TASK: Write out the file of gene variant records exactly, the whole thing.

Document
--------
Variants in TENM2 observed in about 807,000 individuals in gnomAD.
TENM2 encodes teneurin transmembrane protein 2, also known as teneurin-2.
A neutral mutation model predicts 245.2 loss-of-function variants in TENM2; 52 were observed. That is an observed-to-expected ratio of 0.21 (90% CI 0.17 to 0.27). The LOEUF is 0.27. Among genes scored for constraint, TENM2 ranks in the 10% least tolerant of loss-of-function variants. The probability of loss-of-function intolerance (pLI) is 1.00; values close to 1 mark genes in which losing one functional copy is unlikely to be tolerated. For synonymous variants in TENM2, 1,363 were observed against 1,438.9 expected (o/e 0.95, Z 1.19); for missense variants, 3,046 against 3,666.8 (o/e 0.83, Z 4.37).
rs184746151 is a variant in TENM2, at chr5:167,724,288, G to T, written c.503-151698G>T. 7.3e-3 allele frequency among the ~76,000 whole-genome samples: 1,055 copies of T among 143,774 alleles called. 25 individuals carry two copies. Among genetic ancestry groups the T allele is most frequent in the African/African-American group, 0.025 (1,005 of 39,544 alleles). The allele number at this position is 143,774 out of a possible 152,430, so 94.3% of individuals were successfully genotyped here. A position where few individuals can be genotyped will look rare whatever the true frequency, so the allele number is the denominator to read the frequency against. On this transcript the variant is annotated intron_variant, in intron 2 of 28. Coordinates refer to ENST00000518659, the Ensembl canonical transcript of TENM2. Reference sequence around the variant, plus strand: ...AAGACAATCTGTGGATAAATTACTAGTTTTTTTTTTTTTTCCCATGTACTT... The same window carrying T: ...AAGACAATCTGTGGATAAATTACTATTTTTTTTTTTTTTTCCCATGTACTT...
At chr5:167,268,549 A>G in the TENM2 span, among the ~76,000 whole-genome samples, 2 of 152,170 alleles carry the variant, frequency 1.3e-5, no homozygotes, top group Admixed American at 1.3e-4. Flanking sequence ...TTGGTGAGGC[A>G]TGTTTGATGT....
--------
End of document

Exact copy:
Variants in TENM2 observed in about 807,000 individuals in gnomAD.
TENM2 encodes teneurin transmembrane protein 2, also known as teneurin-2.
A neutral mutation model predicts 245.2 loss-of-function variants in TENM2; 52 were observed. That is an observed-to-expected ratio of 0.21 (90% CI 0.17 to 0.27). The LOEUF is 0.27. Among genes scored for constraint, TENM2 ranks in the 10% least tolerant of loss-of-function variants. The probability of loss-of-function intolerance (pLI) is 1.00; values close to 1 mark genes in which losing one functional copy is unlikely to be tolerated. For synonymous variants in TENM2, 1,363 were observed against 1,438.9 expected (o/e 0.95, Z 1.19); for missense variants, 3,046 against 3,666.8 (o/e 0.83, Z 4.37).
rs184746151 is a variant in TENM2, at chr5:167,724,288, G to T, written c.503-151698G>T. 7.3e-3 allele frequency among the ~76,000 whole-genome samples: 1,055 copies of T among 143,774 alleles called. 25 individuals carry two copies. Among genetic ancestry groups the T allele is most frequent in the African/African-American group, 0.025 (1,005 of 39,544 alleles). The allele number at this position is 143,774 out of a possible 152,430, so 94.3% of individuals were successfully genotyped here. A position where few individuals can be genotyped will look rare whatever the true frequency, so the allele number is the denominator to read the frequency against. On this transcript the variant is annotated intron_variant, in intron 2 of 28. Coordinates refer to ENST00000518659, the Ensembl canonical transcript of TENM2. Reference sequence around the variant, plus strand: ...AAGACAATCTGTGGATAAATTACTAGTTTTTTTTTTTTTTCCCATGTACTT... The same window carrying T: ...AAGACAATCTGTGGATAAATTACTATTTTTTTTTTTTTTTCCCATGTACTT...
At chr5:167,268,549 A>G in the TENM2 span, among the ~76,000 whole-genome samples, 2 of 152,170 alleles carry the variant, frequency 1.3e-5, no homozygotes, top group Admixed American at 1.3e-4. Flanking sequence ...TTGGTGAGGC[A>G]TGTTTGATGT....